Congratulations, you now have a three-month-old baby on your hands! We can bet these last 12 weeks have flown by, with your baby slowly developing a little personality and meeting a few new and exciting milestones. This week, watch out for another growth spurt and more immunisations. Here you can find out what to expect when your baby is 12 weeks old.
12-week-old baby milestones
At three months old, your baby has grown about an inch per month to a total of three inches since they were born! They’ve also probably gained about three pounds, although it varies from baby to baby.
You’ll probably be in for another growth spurt this week, which means crankiness, restlessness and feeding more.
As their little body fills out and straightens up, you’ll notice your baby gaining more muscle control and their movements are less jagged. They might even be pushing themselves up when they lie on their tummy. If they need improvement here, try laying down with them as they play and encourage them to look up at you. Tummy time is important, so spend a few minutes each playtime on your tummy with your little one and then build this up to 15-20 minutes.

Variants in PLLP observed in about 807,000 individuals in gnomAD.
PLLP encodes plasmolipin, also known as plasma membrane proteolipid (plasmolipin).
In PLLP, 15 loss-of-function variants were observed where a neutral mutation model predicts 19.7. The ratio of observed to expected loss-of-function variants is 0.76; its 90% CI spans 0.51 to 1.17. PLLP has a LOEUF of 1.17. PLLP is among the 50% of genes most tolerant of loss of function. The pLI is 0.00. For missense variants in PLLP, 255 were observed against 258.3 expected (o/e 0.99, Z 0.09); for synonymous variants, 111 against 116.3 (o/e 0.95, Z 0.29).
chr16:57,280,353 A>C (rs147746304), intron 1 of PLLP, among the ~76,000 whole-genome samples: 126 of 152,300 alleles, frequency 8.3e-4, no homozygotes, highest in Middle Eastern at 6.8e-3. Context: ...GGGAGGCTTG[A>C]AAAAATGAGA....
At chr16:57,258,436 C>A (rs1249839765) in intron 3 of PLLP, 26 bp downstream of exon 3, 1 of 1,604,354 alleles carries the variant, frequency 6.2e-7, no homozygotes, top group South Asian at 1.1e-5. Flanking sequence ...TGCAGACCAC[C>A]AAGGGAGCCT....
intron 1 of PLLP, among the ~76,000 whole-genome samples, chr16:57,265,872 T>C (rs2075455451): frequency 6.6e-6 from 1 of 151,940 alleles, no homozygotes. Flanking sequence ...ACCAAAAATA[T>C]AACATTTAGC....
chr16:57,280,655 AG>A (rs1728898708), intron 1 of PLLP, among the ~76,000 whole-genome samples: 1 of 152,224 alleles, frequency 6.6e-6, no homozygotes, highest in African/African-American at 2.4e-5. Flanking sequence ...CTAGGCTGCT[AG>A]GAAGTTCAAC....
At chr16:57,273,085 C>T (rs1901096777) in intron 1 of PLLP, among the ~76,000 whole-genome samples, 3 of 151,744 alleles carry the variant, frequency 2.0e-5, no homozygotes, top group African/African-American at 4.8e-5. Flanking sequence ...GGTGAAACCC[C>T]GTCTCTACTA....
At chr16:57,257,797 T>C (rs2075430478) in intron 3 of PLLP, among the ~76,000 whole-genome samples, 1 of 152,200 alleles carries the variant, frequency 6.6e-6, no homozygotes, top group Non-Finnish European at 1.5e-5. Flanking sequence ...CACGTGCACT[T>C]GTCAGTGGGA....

It’s also a great time to play with wrist rattles and noisy toys, even if your baby didn’t like them a few weeks ago – these toys help your baby’s hand-eye coordination and muscle control. Choose a brightly coloured rattle to engage their vision too, and look for how they react when they make the rattling sound.
With their movements becoming more controlled, your baby is starting to understand cause and effect. They’ll start to realise that kicking and punching things, or grabbing at toys, means they move.
Week 12 is a good week to improve your baby’s sense of touch with more skin to skin contact. Try baby massage, it also increases bonding and can help their digestive system.
It’s that time again, your baby’s second immunisation appointment should happen around this week. Check out our advice if you’re nervous about how to keep your baby calm during their jabs.